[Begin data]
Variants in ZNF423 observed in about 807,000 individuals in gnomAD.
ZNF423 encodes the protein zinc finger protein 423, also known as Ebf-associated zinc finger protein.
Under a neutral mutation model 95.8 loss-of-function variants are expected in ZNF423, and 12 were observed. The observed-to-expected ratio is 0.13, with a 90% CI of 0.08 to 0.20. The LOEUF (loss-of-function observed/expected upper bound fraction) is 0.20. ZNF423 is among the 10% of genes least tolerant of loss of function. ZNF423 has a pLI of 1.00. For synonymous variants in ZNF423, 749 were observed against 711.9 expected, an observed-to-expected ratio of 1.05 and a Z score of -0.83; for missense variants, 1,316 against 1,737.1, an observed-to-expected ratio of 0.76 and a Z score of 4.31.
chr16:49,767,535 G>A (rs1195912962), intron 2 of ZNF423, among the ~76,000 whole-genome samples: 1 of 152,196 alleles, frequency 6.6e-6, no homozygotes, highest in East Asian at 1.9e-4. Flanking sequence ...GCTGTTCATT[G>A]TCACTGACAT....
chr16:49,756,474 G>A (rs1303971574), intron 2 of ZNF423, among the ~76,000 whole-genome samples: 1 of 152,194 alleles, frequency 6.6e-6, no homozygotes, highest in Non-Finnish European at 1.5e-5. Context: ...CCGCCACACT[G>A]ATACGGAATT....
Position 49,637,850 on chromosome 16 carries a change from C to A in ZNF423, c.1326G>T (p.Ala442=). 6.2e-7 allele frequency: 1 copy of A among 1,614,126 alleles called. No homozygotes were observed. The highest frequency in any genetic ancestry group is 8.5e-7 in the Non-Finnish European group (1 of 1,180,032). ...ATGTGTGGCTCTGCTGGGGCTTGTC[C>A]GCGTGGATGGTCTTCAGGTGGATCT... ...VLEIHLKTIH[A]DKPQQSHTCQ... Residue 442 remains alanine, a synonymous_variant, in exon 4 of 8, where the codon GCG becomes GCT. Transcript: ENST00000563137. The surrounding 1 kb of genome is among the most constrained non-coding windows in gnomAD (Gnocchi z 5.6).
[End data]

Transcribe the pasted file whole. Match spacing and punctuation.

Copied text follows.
Variants in ZNF423 observed in about 807,000 individuals in gnomAD.
ZNF423 encodes the protein zinc finger protein 423, also known as Ebf-associated zinc finger protein.
Under a neutral mutation model 95.8 loss-of-function variants are expected in ZNF423, and 12 were observed. The observed-to-expected ratio is 0.13, with a 90% CI of 0.08 to 0.20. The LOEUF (loss-of-function observed/expected upper bound fraction) is 0.20. ZNF423 is among the 10% of genes least tolerant of loss of function. ZNF423 has a pLI of 1.00. For synonymous variants in ZNF423, 749 were observed against 711.9 expected, an observed-to-expected ratio of 1.05 and a Z score of -0.83; for missense variants, 1,316 against 1,737.1, an observed-to-expected ratio of 0.76 and a Z score of 4.31.
chr16:49,767,535 G>A (rs1195912962), intron 2 of ZNF423, among the ~76,000 whole-genome samples: 1 of 152,196 alleles, frequency 6.6e-6, no homozygotes, highest in East Asian at 1.9e-4. Flanking sequence ...GCTGTTCATT[G>A]TCACTGACAT....
chr16:49,756,474 G>A (rs1303971574), intron 2 of ZNF423, among the ~76,000 whole-genome samples: 1 of 152,194 alleles, frequency 6.6e-6, no homozygotes, highest in Non-Finnish European at 1.5e-5. Context: ...CCGCCACACT[G>A]ATACGGAATT....
Position 49,637,850 on chromosome 16 carries a change from C to A in ZNF423, c.1326G>T (p.Ala442=). 6.2e-7 allele frequency: 1 copy of A among 1,614,126 alleles called. No homozygotes were observed. The highest frequency in any genetic ancestry group is 8.5e-7 in the Non-Finnish European group (1 of 1,180,032). ...ATGTGTGGCTCTGCTGGGGCTTGTC[C>A]GCGTGGATGGTCTTCAGGTGGATCT... ...VLEIHLKTIH[A]DKPQQSHTCQ... Residue 442 remains alanine, a synonymous_variant, in exon 4 of 8, where the codon GCG becomes GCT. Transcript: ENST00000563137. The surrounding 1 kb of genome is among the most constrained non-coding windows in gnomAD (Gnocchi z 5.6).